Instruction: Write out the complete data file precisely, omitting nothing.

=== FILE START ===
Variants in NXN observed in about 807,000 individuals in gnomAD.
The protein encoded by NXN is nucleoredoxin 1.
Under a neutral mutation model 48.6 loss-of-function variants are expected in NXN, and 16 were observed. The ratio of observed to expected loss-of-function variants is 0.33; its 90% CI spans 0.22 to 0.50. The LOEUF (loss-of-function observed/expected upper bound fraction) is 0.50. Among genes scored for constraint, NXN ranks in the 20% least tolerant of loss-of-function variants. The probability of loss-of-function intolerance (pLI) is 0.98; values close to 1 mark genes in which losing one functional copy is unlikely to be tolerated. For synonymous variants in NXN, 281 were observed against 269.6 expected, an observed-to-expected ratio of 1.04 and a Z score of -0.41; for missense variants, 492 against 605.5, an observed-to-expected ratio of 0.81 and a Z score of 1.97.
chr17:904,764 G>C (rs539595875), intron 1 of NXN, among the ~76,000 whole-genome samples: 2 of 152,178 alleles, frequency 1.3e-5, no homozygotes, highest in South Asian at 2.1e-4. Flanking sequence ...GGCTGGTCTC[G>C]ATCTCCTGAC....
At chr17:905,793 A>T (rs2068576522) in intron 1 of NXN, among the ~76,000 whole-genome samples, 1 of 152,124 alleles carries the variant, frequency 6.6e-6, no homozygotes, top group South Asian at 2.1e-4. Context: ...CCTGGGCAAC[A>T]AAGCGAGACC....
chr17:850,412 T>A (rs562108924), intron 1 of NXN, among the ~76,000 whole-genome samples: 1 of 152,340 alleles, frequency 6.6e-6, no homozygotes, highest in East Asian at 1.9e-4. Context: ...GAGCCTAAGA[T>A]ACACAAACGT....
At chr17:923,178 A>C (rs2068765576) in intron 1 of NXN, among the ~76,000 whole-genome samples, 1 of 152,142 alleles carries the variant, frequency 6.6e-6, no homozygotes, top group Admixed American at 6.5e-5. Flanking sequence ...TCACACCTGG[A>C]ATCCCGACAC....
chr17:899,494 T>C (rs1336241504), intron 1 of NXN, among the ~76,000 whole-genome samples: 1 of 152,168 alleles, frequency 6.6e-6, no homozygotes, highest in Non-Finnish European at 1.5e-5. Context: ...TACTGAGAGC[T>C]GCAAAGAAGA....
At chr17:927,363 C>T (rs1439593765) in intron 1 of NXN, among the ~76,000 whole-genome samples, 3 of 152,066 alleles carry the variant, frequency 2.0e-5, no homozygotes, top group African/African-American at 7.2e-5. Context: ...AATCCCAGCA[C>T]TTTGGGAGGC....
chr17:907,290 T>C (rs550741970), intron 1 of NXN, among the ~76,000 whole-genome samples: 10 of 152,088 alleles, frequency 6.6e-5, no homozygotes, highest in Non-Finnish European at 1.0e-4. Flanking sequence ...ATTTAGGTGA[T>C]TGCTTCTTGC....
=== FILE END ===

Variants in NXN observed in about 807,000 individuals in gnomAD.
The protein encoded by NXN is nucleoredoxin 1.
Under a neutral mutation model 48.6 loss-of-function variants are expected in NXN, and 16 were observed. The ratio of observed to expected loss-of-function variants is 0.33; its 90% CI spans 0.22 to 0.50. The LOEUF (loss-of-function observed/expected upper bound fraction) is 0.50. Among genes scored for constraint, NXN ranks in the 20% least tolerant of loss-of-function variants. The probability of loss-of-function intolerance (pLI) is 0.98; values close to 1 mark genes in which losing one functional copy is unlikely to be tolerated. For synonymous variants in NXN, 281 were observed against 269.6 expected, an observed-to-expected ratio of 1.04 and a Z score of -0.41; for missense variants, 492 against 605.5, an observed-to-expected ratio of 0.81 and a Z score of 1.97.
chr17:904,764 G>C (rs539595875), intron 1 of NXN, among the ~76,000 whole-genome samples: 2 of 152,178 alleles, frequency 1.3e-5, no homozygotes, highest in South Asian at 2.1e-4. Flanking sequence ...GGCTGGTCTC[G>C]ATCTCCTGAC....
At chr17:905,793 A>T (rs2068576522) in intron 1 of NXN, among the ~76,000 whole-genome samples, 1 of 152,124 alleles carries the variant, frequency 6.6e-6, no homozygotes, top group South Asian at 2.1e-4. Context: ...CCTGGGCAAC[A>T]AAGCGAGACC....
chr17:850,412 T>A (rs562108924), intron 1 of NXN, among the ~76,000 whole-genome samples: 1 of 152,340 alleles, frequency 6.6e-6, no homozygotes, highest in East Asian at 1.9e-4. Context: ...GAGCCTAAGA[T>A]ACACAAACGT....
At chr17:923,178 A>C (rs2068765576) in intron 1 of NXN, among the ~76,000 whole-genome samples, 1 of 152,142 alleles carries the variant, frequency 6.6e-6, no homozygotes, top group Admixed American at 6.5e-5. Flanking sequence ...TCACACCTGG[A>C]ATCCCGACAC....
chr17:899,494 T>C (rs1336241504), intron 1 of NXN, among the ~76,000 whole-genome samples: 1 of 152,168 alleles, frequency 6.6e-6, no homozygotes, highest in Non-Finnish European at 1.5e-5. Context: ...TACTGAGAGC[T>C]GCAAAGAAGA....
At chr17:927,363 C>T (rs1439593765) in intron 1 of NXN, among the ~76,000 whole-genome samples, 3 of 152,066 alleles carry the variant, frequency 2.0e-5, no homozygotes, top group African/African-American at 7.2e-5. Context: ...AATCCCAGCA[C>T]TTTGGGAGGC....
chr17:907,290 T>C (rs550741970), intron 1 of NXN, among the ~76,000 whole-genome samples: 10 of 152,088 alleles, frequency 6.6e-5, no homozygotes, highest in Non-Finnish European at 1.0e-4. Flanking sequence ...ATTTAGGTGA[T>C]TGCTTCTTGC....